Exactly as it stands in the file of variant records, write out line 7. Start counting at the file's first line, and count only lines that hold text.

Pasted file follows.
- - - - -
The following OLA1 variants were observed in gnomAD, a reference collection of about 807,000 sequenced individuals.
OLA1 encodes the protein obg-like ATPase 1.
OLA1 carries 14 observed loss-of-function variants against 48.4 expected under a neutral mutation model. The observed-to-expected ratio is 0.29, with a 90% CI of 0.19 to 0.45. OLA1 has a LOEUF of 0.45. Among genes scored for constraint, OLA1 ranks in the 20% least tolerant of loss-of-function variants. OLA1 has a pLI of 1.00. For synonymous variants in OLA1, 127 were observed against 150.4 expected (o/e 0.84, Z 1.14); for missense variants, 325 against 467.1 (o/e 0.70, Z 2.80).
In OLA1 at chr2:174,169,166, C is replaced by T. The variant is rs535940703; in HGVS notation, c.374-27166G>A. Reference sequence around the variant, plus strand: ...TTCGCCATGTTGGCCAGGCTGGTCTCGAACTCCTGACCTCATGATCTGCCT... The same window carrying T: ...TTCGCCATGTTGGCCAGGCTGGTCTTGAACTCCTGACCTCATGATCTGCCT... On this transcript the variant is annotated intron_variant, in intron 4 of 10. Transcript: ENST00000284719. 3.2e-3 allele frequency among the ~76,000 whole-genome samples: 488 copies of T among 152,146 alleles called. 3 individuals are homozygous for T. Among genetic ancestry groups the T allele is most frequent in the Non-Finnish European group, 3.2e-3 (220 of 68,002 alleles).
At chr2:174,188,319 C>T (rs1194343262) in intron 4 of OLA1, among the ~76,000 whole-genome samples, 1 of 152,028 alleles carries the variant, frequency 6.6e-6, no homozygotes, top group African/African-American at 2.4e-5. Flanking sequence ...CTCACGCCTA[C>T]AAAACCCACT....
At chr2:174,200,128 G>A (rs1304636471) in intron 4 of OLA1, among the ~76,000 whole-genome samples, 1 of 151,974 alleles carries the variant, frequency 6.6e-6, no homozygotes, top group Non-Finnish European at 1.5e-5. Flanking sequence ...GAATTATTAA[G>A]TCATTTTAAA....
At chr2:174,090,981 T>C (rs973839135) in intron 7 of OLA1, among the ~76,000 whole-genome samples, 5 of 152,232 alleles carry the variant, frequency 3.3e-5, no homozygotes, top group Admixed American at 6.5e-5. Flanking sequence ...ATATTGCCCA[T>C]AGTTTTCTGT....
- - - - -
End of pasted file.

At chr2:174,090,981 T>C (rs973839135) in intron 7 of OLA1, among the ~76,000 whole-genome samples, 5 of 152,232 alleles carry the variant, frequency 3.3e-5, no homozygotes, top group Admixed American at 6.5e-5. Flanking sequence ...ATATTGCCCA[T>C]AGTTTTCTGT....